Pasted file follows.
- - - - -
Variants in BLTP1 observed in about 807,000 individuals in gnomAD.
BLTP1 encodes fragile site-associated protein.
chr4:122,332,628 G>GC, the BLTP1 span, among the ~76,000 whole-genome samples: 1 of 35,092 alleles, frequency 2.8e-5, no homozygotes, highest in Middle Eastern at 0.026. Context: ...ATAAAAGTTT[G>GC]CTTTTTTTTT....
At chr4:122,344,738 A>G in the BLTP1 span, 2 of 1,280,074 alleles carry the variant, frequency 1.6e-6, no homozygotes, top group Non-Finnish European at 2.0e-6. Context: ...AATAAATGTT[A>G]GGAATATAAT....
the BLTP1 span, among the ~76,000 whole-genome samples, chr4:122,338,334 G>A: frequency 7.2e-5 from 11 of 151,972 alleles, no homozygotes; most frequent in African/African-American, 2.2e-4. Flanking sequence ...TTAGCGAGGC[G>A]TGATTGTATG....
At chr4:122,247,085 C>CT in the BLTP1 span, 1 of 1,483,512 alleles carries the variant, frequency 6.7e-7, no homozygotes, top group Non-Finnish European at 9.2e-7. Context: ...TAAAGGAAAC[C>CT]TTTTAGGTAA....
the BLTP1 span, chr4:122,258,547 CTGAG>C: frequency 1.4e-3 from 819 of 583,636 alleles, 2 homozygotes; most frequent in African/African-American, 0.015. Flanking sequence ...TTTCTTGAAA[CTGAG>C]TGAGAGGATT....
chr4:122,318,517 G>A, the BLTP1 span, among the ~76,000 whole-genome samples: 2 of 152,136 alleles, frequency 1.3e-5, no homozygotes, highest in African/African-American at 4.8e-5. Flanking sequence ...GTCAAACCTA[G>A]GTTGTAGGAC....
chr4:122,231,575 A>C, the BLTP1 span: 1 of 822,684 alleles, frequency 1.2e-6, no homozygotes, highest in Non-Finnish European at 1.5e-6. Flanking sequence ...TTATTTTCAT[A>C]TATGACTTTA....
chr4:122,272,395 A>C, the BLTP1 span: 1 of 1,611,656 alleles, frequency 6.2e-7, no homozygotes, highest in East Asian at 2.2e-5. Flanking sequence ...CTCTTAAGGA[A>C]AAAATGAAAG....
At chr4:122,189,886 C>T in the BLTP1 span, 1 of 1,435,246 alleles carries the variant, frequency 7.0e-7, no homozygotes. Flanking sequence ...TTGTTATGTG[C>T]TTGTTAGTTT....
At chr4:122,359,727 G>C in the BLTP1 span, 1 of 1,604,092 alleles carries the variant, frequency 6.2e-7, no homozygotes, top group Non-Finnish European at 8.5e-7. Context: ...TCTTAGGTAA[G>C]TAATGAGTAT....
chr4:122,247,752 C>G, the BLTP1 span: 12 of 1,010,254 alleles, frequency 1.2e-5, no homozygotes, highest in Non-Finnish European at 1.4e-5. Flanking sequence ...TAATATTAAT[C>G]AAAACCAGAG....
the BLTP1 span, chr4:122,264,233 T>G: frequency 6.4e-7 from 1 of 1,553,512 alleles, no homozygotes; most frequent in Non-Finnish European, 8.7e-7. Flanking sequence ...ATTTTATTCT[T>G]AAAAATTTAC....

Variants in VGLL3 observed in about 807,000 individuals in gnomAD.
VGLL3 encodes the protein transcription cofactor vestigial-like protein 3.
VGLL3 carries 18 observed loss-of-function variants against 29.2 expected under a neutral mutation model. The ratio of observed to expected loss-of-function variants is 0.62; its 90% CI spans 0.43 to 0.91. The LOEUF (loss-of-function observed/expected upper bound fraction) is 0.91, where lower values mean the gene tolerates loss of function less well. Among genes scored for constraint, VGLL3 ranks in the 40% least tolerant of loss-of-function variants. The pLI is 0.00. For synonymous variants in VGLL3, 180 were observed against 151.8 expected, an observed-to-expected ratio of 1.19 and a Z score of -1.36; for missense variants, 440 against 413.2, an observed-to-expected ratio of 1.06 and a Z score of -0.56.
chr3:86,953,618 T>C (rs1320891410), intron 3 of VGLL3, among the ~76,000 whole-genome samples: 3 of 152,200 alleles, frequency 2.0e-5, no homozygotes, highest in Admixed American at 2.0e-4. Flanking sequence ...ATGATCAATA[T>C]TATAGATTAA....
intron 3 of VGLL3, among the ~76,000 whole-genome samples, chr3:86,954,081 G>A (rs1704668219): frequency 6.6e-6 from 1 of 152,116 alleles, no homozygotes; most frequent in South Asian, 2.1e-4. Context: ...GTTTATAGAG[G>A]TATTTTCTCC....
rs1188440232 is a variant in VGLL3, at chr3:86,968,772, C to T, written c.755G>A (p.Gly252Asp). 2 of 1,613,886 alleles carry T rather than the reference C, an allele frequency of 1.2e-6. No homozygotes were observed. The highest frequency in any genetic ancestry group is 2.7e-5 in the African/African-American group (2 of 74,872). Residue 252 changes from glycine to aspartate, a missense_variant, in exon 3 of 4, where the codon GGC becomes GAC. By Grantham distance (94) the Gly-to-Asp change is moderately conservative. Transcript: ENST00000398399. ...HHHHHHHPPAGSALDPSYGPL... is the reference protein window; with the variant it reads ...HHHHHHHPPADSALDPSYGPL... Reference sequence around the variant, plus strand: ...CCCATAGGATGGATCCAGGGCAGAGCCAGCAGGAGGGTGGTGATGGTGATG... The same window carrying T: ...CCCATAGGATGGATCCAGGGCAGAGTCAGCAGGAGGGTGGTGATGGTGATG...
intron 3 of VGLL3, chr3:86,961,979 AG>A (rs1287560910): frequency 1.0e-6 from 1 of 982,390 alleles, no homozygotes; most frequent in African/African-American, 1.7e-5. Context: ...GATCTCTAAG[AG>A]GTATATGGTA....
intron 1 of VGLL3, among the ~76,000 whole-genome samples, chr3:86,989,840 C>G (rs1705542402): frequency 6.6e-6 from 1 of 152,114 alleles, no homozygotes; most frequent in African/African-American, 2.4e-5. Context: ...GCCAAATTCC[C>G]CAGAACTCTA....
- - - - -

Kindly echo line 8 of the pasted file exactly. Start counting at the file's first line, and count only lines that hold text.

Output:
chr4:122,318,517 G>A, the BLTP1 span, among the ~76,000 whole-genome samples: 2 of 152,136 alleles, frequency 1.3e-5, no homozygotes, highest in African/African-American at 4.8e-5. Flanking sequence ...GTCAAACCTA[G>A]GTTGTAGGAC....